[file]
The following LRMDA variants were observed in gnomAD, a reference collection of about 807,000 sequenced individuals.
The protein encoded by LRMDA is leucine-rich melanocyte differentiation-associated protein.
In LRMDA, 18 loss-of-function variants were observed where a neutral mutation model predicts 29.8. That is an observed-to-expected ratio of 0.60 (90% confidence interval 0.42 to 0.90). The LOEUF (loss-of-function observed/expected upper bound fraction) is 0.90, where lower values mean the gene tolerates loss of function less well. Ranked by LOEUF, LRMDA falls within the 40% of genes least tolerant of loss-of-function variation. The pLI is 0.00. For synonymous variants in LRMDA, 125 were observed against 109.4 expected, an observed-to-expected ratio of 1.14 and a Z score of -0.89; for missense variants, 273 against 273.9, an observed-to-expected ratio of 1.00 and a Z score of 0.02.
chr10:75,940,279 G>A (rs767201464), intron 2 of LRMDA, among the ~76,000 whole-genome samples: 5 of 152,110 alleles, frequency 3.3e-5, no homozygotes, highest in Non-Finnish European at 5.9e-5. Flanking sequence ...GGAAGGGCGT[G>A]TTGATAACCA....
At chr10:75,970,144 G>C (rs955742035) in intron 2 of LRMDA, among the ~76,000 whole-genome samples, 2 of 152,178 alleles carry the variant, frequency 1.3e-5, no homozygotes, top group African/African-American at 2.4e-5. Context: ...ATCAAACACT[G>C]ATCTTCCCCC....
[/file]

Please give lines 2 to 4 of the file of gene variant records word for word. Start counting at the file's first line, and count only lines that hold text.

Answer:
The protein encoded by LRMDA is leucine-rich melanocyte differentiation-associated protein.
In LRMDA, 18 loss-of-function variants were observed where a neutral mutation model predicts 29.8. That is an observed-to-expected ratio of 0.60 (90% confidence interval 0.42 to 0.90). The LOEUF (loss-of-function observed/expected upper bound fraction) is 0.90, where lower values mean the gene tolerates loss of function less well. Ranked by LOEUF, LRMDA falls within the 40% of genes least tolerant of loss-of-function variation. The pLI is 0.00. For synonymous variants in LRMDA, 125 were observed against 109.4 expected, an observed-to-expected ratio of 1.14 and a Z score of -0.89; for missense variants, 273 against 273.9, an observed-to-expected ratio of 1.00 and a Z score of 0.02.
chr10:75,940,279 G>A (rs767201464), intron 2 of LRMDA, among the ~76,000 whole-genome samples: 5 of 152,110 alleles, frequency 3.3e-5, no homozygotes, highest in Non-Finnish European at 5.9e-5. Flanking sequence ...GGAAGGGCGT[G>A]TTGATAACCA....